Editorial

5 things to know about investing in Mexico power and gas

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Mexico needs a competitive investment market throughout its energy value chain. Mexico's power and gas reforms are creating competitive investment markets as the Pemex and CFE monopoly across the gas and power value chain is eroded and the country adopts a model similar to that in the United States. Driven by a decade of volatile GDP growth, Mexico's power demand has averaged 2.3% growth over the past 10 years, while natural gas demand has increased nearly twice that amount, as low gas prices and the phasing out of oil have created a greater need for gas-fired generation.

Mexico’s energy reform is heating up investment activity — and not just upstream. The US$15 billion gas pipeline build and Pemex’s exit from the midstream should provide continued infrastructure opportunities, while power M&A emerges as renewables dominate and CFE unbundles.

Eric Eyberg, Director, Latin America Consulting

Eric Eyberg

Director, Latin America Consulting

Eric leads our South American gas and power consulting, with personal expertise in gas and power.

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While some uncertainties remain, we expect demand growth to continue as Mexican imports increase and gas pipelines expand, CFE and Pemex unbundle value chain positions, and renewables gain market share through government incentives.

Here are some specific reasons to consider investing today:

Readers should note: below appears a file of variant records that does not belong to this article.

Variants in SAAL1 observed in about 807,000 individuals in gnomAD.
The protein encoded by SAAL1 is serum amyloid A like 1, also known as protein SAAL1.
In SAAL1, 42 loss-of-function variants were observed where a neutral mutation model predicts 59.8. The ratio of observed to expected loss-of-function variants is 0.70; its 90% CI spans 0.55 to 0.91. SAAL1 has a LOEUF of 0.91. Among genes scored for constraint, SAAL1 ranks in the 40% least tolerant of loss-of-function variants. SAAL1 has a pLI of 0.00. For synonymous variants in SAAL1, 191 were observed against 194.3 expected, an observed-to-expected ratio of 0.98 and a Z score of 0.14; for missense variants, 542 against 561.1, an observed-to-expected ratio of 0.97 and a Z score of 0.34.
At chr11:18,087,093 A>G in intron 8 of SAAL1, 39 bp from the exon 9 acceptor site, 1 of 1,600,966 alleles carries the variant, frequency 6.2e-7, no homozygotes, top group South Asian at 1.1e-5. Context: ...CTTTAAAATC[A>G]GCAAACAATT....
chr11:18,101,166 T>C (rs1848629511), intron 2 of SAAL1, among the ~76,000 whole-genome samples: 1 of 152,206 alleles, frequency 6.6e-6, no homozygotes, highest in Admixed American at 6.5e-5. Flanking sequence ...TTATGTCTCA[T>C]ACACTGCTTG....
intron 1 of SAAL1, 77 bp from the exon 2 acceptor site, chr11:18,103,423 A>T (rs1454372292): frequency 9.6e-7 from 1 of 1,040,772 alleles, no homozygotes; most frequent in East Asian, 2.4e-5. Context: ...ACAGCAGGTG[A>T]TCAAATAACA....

1. Renewables are taking off — at staggeringly low prices.

As CFE begins the unbundling process and market design is well into the implementation phase, the big story is renewables, as solar and wind dominated the first 2 long-term power auctions organized post-reform at incredibly low prices (US$47/MWh in March and US$33/MWh in September), which seem to be the new international 'norm'.

2. Solar, wind and gas generation will require approximately US$100B in investment to achieve clean energy targets.

Achieving 2035 clean energy targets would require approximately 50 GW of new solar and wind capacity, and gas will still play a key role, with nearly 30 GW of new capacity, requiring a total of about US$100 billion in investment over the next 20 years.

3. Natural gas infrastructure has increased significantly.

In the gas sector, Mexico's domestic natural gas production has declined steadily since 2010's peak production, driving an unprecedented US$15 billion CFE-led gas infrastructure build-out accessing cheaper US natural gas. A new state entity, CENAGAS, is poised to take over the old Pemex system.

4. Mexico needs a competitive investment market throughout its energy value chain.

Monumental gas and power integration challenges lay ahead, requiring considerable value chain investment as Mexico plays 'catch up' on the gas sector reform front.

5. Merger and acquisition activity will strong see near-term growth.

M&A activity in the G&P sector will likely continue to increase in the next 3 to 5 years in lockstep with the current investment boom and reform progress.

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